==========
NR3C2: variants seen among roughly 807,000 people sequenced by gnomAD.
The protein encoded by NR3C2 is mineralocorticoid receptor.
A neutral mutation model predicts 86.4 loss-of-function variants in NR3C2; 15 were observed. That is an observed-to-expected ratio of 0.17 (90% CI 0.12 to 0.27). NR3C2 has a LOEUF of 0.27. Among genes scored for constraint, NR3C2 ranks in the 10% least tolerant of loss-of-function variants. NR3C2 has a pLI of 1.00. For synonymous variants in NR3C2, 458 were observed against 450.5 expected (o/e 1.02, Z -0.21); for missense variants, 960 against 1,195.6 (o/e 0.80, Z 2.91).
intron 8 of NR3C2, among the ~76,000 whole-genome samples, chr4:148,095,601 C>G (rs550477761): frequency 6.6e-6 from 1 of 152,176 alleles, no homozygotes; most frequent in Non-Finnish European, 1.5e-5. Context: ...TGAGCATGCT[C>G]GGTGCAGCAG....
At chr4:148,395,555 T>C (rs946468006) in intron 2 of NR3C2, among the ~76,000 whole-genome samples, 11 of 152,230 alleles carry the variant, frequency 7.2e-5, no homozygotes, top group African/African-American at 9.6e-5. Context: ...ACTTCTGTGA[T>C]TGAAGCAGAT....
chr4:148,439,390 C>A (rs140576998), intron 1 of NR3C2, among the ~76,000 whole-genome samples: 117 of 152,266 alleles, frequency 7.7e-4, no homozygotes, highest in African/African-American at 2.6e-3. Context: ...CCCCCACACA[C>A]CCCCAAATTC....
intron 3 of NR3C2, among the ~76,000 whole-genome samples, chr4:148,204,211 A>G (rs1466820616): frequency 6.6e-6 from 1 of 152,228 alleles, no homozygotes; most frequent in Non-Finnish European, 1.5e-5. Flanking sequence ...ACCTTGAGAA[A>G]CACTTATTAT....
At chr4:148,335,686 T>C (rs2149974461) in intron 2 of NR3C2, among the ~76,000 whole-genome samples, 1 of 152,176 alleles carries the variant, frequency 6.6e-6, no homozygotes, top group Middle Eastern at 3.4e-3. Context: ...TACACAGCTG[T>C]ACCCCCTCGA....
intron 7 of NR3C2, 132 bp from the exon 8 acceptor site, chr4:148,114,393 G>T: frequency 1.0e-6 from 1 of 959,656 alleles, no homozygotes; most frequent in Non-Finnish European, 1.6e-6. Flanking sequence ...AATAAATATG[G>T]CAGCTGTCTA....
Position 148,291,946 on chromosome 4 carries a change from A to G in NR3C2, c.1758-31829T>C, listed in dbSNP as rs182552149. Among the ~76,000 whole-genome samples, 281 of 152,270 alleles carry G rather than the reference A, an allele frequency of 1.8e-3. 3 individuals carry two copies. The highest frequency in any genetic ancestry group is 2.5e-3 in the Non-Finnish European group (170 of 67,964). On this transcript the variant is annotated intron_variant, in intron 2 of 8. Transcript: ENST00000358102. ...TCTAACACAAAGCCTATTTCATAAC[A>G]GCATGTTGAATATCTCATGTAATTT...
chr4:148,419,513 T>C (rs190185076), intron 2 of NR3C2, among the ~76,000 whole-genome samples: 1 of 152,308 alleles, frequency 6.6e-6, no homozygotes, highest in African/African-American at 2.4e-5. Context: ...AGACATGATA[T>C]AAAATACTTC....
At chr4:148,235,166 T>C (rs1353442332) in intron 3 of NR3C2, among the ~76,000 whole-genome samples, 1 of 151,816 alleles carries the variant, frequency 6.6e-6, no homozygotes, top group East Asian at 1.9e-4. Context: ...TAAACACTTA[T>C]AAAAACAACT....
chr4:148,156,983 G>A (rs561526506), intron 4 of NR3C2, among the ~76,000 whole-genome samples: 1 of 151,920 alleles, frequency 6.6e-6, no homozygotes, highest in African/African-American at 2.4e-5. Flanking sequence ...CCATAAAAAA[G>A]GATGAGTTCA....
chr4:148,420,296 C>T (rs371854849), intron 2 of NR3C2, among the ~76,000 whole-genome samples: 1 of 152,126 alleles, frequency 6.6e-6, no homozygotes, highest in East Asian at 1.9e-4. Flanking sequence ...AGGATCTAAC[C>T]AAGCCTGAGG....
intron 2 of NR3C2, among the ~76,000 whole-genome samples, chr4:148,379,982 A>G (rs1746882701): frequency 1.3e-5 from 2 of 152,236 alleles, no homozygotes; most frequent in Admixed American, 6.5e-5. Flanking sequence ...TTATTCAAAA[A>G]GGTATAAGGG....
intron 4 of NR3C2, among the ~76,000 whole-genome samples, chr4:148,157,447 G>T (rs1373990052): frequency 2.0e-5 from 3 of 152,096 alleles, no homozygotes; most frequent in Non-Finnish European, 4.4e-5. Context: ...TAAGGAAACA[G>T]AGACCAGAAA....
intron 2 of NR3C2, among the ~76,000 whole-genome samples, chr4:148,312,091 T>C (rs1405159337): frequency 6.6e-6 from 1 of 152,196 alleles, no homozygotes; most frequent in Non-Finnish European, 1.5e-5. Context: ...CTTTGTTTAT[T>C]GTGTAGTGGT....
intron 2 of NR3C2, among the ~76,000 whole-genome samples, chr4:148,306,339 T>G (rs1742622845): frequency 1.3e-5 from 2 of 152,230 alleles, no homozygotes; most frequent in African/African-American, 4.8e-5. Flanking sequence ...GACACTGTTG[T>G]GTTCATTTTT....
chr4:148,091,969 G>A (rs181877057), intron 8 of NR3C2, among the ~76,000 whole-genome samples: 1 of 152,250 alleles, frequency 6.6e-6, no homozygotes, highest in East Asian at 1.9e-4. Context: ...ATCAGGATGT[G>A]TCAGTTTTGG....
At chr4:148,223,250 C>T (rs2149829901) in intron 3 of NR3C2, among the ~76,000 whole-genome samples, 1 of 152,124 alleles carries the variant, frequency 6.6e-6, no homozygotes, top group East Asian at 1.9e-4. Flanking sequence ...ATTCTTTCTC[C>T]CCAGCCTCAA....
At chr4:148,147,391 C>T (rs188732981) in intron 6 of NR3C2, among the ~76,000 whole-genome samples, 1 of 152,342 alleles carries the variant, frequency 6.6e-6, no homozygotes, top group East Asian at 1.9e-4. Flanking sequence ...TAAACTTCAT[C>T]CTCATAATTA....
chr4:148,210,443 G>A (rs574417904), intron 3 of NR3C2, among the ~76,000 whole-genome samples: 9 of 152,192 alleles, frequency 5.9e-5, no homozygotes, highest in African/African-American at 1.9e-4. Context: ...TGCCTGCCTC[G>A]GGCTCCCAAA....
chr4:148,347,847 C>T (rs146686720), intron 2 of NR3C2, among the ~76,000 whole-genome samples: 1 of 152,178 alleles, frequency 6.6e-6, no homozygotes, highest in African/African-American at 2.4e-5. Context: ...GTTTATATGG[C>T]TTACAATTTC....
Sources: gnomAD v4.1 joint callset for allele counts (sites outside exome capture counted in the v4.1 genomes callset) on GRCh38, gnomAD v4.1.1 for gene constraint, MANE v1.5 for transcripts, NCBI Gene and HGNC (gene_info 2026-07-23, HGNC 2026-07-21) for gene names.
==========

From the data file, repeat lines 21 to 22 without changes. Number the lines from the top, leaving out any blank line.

At chr4:148,147,391 C>T (rs188732981) in intron 6 of NR3C2, among the ~76,000 whole-genome samples, 1 of 152,342 alleles carries the variant, frequency 6.6e-6, no homozygotes, top group East Asian at 1.9e-4. Flanking sequence ...TAAACTTCAT[C>T]CTCATAATTA....
chr4:148,210,443 G>A (rs574417904), intron 3 of NR3C2, among the ~76,000 whole-genome samples: 9 of 152,192 alleles, frequency 5.9e-5, no homozygotes, highest in African/African-American at 1.9e-4. Context: ...TGCCTGCCTC[G>A]GGCTCCCAAA....